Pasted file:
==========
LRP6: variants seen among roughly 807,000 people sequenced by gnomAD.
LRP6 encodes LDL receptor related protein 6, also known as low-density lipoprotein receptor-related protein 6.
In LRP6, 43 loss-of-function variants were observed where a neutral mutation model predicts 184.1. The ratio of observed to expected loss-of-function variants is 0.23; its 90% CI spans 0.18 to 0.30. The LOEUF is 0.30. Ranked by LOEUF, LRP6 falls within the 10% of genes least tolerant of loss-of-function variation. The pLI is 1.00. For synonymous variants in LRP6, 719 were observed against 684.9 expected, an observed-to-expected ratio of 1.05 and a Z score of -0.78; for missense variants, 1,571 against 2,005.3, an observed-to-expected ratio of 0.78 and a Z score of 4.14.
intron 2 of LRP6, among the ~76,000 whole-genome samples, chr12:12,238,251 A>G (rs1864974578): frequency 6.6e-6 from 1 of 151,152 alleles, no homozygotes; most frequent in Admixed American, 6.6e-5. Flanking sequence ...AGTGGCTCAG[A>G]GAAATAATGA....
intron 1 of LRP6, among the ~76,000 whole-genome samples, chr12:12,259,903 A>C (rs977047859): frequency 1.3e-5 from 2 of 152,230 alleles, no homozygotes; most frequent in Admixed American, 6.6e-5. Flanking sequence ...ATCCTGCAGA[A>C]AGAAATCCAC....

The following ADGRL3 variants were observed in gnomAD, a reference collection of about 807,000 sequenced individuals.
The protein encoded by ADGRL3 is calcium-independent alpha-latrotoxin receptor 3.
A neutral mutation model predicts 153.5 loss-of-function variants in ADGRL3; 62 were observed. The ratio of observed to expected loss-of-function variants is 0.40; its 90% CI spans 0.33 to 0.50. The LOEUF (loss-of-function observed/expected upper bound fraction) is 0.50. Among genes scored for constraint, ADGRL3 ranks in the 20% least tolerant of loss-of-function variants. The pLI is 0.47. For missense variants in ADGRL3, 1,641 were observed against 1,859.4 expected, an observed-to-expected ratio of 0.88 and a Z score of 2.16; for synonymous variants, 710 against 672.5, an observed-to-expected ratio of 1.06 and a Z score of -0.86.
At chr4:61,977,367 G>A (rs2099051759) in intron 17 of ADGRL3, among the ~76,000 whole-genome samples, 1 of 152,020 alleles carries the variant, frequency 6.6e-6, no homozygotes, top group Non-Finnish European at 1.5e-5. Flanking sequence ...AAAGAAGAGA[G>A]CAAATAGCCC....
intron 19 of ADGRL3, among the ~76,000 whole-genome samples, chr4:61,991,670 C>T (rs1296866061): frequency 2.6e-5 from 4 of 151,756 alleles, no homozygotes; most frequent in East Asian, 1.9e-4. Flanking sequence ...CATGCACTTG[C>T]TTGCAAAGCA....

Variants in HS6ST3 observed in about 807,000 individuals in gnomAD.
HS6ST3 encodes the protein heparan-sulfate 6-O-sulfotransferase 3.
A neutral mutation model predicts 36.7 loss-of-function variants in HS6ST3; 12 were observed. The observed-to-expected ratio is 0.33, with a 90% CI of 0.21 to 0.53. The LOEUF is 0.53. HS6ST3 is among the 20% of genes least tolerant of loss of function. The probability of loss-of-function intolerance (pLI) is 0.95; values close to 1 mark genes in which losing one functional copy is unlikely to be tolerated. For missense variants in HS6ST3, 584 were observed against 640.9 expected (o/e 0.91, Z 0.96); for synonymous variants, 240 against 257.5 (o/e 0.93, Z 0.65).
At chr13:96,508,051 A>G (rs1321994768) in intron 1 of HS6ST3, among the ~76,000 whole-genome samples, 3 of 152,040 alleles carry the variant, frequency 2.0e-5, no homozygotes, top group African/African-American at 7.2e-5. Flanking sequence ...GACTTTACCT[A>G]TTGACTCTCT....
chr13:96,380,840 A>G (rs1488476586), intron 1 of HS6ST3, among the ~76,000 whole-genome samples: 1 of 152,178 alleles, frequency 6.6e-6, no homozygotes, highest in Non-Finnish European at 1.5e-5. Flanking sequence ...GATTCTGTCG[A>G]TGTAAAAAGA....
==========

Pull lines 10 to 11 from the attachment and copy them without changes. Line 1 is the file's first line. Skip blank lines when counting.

intron 19 of ADGRL3, among the ~76,000 whole-genome samples, chr4:61,991,670 C>T (rs1296866061): frequency 2.6e-5 from 4 of 151,756 alleles, no homozygotes; most frequent in East Asian, 1.9e-4. Flanking sequence ...CATGCACTTG[C>T]TTGCAAAGCA....

Variants in HS6ST3 observed in about 807,000 individuals in gnomAD.